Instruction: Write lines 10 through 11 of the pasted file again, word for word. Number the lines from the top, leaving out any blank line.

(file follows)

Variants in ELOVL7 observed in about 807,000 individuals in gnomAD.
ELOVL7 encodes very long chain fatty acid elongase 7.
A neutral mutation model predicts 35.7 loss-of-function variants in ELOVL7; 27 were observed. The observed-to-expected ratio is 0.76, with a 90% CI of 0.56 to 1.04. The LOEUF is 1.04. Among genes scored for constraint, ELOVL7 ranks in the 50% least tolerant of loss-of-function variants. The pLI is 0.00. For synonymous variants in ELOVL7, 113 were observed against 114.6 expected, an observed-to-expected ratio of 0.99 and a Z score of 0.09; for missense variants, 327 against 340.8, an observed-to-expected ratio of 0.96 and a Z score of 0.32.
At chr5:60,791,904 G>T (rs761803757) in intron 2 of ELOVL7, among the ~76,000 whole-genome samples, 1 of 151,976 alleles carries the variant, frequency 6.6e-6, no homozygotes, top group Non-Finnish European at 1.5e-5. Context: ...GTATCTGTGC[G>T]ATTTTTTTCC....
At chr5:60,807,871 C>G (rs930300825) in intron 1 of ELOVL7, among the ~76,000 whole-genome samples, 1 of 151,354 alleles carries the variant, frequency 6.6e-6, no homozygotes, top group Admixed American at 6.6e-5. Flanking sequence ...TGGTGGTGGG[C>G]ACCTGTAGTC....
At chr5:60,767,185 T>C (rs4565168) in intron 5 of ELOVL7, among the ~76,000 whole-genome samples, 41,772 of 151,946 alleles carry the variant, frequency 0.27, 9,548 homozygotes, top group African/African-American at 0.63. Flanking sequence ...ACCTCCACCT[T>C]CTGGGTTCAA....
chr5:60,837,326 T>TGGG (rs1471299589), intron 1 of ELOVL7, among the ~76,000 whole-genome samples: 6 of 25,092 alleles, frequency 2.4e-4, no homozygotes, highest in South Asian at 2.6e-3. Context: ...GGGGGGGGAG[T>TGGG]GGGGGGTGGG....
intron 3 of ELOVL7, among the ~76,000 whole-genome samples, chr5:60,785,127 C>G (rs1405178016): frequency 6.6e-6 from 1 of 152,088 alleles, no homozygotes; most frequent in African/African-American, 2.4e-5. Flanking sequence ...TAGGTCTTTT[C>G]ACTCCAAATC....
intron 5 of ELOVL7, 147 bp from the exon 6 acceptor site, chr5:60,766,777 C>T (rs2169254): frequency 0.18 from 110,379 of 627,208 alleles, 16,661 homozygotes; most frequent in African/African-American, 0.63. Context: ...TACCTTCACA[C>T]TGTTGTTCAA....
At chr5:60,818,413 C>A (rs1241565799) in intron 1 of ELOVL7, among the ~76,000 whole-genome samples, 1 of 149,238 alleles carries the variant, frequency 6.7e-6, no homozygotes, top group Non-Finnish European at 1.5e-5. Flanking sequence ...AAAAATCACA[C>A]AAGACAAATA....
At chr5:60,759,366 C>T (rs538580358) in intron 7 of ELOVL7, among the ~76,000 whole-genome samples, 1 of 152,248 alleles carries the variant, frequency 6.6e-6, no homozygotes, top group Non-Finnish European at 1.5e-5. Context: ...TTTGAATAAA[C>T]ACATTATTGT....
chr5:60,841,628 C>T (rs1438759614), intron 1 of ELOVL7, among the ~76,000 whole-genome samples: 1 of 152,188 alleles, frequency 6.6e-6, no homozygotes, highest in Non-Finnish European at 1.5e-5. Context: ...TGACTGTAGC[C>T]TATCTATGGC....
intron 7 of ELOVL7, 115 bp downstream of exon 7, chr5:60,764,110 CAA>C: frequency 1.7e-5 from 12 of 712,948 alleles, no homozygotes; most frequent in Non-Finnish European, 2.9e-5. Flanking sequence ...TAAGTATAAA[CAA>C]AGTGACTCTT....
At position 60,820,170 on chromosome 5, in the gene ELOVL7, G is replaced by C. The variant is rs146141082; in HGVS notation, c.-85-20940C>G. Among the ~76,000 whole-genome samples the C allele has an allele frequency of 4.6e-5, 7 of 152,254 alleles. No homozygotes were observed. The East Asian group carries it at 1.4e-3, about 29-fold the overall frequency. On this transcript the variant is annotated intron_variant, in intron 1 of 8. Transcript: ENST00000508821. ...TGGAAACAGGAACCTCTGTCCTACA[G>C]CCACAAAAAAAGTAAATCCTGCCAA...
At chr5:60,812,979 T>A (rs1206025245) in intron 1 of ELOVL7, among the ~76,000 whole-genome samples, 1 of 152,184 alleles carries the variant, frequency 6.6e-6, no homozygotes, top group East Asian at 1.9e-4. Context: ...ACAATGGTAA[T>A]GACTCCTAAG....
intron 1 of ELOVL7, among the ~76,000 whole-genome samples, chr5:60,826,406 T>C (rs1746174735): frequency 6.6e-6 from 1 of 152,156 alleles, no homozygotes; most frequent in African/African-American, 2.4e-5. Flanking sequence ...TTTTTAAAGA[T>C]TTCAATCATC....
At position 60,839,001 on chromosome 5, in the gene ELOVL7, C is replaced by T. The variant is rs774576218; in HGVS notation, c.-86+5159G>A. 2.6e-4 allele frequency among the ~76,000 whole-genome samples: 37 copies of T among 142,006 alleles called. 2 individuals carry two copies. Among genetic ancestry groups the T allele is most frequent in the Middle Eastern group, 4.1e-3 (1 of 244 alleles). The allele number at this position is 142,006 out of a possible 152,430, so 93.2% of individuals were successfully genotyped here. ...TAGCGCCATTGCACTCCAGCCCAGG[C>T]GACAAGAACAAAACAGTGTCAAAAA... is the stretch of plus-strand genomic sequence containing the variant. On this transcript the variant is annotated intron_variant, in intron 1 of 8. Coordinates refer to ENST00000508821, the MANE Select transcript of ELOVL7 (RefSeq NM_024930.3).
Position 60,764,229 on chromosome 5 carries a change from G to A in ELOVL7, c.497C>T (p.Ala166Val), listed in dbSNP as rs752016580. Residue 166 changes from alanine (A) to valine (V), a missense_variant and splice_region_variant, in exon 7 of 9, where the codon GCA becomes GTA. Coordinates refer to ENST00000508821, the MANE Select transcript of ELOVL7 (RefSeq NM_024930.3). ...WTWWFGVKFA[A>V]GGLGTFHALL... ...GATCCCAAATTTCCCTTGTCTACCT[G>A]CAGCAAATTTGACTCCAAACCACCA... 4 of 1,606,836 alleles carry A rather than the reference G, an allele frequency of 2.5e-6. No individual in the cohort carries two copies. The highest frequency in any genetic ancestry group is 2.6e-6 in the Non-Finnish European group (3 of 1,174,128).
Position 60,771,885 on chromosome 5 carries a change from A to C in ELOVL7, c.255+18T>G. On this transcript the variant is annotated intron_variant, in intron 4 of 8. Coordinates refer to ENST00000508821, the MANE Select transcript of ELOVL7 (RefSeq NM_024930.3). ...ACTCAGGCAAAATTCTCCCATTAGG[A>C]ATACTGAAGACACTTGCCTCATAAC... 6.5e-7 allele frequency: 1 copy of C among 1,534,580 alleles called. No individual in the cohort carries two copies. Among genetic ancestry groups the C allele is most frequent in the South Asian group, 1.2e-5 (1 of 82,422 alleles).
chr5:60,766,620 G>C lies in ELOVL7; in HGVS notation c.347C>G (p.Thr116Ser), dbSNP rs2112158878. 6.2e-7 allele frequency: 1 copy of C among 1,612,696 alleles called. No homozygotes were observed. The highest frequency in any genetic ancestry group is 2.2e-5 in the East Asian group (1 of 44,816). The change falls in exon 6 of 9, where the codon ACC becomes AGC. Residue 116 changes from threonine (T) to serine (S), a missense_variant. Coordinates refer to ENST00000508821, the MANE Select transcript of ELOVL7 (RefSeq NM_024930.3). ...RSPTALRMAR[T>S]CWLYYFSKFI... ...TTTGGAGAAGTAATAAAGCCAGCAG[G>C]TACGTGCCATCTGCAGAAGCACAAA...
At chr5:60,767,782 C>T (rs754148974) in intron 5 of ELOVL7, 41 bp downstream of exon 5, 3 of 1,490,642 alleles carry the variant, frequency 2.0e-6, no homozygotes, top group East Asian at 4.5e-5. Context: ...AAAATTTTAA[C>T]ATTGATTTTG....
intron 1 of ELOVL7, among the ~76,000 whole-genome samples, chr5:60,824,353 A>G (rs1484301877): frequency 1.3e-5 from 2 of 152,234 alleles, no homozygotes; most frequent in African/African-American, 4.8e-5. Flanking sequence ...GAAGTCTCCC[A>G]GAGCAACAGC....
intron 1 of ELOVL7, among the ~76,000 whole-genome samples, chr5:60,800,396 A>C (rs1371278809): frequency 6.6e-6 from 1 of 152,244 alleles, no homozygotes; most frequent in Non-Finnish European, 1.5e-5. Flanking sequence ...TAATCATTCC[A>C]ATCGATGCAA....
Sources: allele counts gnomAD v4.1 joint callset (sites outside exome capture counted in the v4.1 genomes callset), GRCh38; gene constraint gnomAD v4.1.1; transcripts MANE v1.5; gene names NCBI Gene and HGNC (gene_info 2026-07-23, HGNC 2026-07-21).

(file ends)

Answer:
At chr5:60,818,413 C>A (rs1241565799) in intron 1 of ELOVL7, among the ~76,000 whole-genome samples, 1 of 149,238 alleles carries the variant, frequency 6.7e-6, no homozygotes, top group Non-Finnish European at 1.5e-5. Flanking sequence ...AAAAATCACA[C>A]AAGACAAATA....
At chr5:60,759,366 C>T (rs538580358) in intron 7 of ELOVL7, among the ~76,000 whole-genome samples, 1 of 152,248 alleles carries the variant, frequency 6.6e-6, no homozygotes, top group Non-Finnish European at 1.5e-5. Context: ...TTTGAATAAA[C>T]ACATTATTGT....